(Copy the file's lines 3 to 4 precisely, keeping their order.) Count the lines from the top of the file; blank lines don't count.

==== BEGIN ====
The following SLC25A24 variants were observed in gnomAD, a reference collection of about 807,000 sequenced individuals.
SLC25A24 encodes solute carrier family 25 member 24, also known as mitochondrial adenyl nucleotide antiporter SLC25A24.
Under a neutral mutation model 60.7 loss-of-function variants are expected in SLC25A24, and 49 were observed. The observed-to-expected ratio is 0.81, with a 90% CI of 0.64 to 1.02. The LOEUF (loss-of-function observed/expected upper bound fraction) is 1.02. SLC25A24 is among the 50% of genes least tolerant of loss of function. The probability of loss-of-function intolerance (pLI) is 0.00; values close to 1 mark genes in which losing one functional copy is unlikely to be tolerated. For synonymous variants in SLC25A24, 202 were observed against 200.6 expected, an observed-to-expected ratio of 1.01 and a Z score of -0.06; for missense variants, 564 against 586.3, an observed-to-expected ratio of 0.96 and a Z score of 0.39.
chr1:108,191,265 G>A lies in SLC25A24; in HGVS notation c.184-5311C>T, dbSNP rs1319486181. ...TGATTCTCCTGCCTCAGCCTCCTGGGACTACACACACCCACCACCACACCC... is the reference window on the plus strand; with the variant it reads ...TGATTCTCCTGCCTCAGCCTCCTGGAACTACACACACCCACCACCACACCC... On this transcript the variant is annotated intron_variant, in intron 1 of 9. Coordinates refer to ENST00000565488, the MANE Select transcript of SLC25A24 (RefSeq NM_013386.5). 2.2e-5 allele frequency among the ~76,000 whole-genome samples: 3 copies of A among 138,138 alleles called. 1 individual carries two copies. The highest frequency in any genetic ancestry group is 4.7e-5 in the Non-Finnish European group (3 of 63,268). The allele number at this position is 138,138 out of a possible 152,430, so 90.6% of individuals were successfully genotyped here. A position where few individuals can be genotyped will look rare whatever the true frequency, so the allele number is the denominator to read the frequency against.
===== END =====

Under a neutral mutation model 60.7 loss-of-function variants are expected in SLC25A24, and 49 were observed. The observed-to-expected ratio is 0.81, with a 90% CI of 0.64 to 1.02. The LOEUF (loss-of-function observed/expected upper bound fraction) is 1.02. SLC25A24 is among the 50% of genes least tolerant of loss of function. The probability of loss-of-function intolerance (pLI) is 0.00; values close to 1 mark genes in which losing one functional copy is unlikely to be tolerated. For synonymous variants in SLC25A24, 202 were observed against 200.6 expected, an observed-to-expected ratio of 1.01 and a Z score of -0.06; for missense variants, 564 against 586.3, an observed-to-expected ratio of 0.96 and a Z score of 0.39.
chr1:108,191,265 G>A lies in SLC25A24; in HGVS notation c.184-5311C>T, dbSNP rs1319486181. ...TGATTCTCCTGCCTCAGCCTCCTGGGACTACACACACCCACCACCACACCC... is the reference window on the plus strand; with the variant it reads ...TGATTCTCCTGCCTCAGCCTCCTGGAACTACACACACCCACCACCACACCC... On this transcript the variant is annotated intron_variant, in intron 1 of 9. Coordinates refer to ENST00000565488, the MANE Select transcript of SLC25A24 (RefSeq NM_013386.5). 2.2e-5 allele frequency among the ~76,000 whole-genome samples: 3 copies of A among 138,138 alleles called. 1 individual carries two copies. The highest frequency in any genetic ancestry group is 4.7e-5 in the Non-Finnish European group (3 of 63,268). The allele number at this position is 138,138 out of a possible 152,430, so 90.6% of individuals were successfully genotyped here. A position where few individuals can be genotyped will look rare whatever the true frequency, so the allele number is the denominator to read the frequency against.